Eventually someone driving a pickup coming from the direction of the factory. One of the lawyers (disguised as a manual worker) flagged the car down and asked for help whilst the rest of the gang hid behind some trees. The car was hauled out of the mud and the lawyer started the engine. It was at this moment that the driver of the other car asked where the lawyer was going. Since there was only one place he knew lay at the end of the road, the lawyer was obliged to give its name, since to lie would have aroused suspicion.

What the lawyer didn’t know at the time (it was later explained during a game of double-or-quits poker) was that the place in question had 2 names – one for people who weren’t trusted by the informant, and one for those whose business did not clash with the inhabitants of that place. On hearing the lawyer’s name for the place, the man became immediately suspicious and ordered that the lawyer turned around to avoid ‘bandits’. When the lawyer refused, the man produced a gun and waved it around as if to emphasise the point about ‘bandits’. He offered to escort the car back to the main road and see him on his way towards Beijing.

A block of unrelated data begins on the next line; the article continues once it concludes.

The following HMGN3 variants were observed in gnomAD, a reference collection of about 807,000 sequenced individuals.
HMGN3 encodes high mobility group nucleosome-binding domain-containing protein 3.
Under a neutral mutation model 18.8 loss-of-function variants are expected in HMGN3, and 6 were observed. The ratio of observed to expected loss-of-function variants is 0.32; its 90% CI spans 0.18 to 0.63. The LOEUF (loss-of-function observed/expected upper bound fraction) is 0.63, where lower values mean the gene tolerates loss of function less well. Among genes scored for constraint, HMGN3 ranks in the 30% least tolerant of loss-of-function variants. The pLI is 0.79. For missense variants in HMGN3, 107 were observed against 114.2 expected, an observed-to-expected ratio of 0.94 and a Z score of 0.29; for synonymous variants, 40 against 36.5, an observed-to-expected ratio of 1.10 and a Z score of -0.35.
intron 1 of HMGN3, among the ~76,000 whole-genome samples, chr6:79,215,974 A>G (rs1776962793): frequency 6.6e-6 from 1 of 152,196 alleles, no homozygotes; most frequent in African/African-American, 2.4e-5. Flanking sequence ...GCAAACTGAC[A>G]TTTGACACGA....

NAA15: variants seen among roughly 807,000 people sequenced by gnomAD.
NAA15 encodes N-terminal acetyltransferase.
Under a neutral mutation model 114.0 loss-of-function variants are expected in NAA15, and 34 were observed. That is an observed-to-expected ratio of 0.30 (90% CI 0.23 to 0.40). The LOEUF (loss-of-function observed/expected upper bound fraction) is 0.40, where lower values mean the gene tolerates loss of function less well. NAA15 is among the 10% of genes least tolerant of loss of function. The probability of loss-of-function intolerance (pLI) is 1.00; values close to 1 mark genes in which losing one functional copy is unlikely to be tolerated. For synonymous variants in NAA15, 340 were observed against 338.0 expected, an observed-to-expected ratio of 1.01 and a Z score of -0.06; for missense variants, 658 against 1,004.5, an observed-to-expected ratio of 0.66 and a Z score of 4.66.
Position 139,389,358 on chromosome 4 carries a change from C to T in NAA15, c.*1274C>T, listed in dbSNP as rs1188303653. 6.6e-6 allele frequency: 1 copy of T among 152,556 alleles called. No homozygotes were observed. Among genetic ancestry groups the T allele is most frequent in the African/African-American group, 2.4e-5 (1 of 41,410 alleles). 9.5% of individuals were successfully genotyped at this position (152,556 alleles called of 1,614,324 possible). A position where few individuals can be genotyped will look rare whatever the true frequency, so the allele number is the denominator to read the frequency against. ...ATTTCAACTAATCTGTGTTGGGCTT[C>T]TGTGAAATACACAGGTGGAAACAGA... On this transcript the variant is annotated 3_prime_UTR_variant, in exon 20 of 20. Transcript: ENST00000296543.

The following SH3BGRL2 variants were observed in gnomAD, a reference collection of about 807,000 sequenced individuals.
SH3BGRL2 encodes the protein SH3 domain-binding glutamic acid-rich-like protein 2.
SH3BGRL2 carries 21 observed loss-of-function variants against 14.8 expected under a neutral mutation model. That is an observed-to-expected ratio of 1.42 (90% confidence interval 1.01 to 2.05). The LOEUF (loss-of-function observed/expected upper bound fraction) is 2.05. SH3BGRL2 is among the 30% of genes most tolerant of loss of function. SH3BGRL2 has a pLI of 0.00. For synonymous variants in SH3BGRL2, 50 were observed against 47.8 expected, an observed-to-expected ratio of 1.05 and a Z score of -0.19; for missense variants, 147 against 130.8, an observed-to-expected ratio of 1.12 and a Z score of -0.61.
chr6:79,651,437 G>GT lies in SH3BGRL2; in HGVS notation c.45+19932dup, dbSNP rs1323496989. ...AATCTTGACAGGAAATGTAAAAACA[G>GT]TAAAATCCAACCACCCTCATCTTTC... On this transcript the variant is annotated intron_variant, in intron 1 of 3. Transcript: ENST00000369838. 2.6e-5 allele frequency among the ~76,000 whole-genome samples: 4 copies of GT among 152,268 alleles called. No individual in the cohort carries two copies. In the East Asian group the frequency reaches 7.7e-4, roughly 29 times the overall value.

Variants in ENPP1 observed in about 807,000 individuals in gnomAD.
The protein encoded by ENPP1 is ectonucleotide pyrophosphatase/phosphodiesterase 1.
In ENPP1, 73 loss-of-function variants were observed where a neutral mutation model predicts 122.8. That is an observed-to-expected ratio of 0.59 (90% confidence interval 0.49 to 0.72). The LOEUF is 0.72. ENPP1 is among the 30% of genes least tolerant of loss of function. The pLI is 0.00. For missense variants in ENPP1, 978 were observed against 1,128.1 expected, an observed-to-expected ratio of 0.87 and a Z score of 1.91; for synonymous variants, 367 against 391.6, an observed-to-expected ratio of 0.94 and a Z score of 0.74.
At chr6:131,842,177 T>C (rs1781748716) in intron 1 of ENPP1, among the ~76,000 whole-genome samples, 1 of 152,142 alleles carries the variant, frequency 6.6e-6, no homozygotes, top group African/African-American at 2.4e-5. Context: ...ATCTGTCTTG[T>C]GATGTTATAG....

Fearing that the man with the gun might be willing to use it, the lawyer had no choice but to agree. He did not so much as glance towards his compatriots crouching in the undergrowth, but simply got in the car and drove slowly away, ahead of the man with the gun. Ravel and his legal aides were now stranded, a hundred miles from the main road and with no prospect of reaching their target anytime soon. For all they knew, the man with the gun might have been carrying Ravel’s precious wooden trophies. A suspicion that was, in fact, actually and very positively confirmed when one of the stranded lawyers used his high powered zoom camera to take a picture. What should he spy but this….

**************** TO BE CONTINUED!!!!!!!!!******************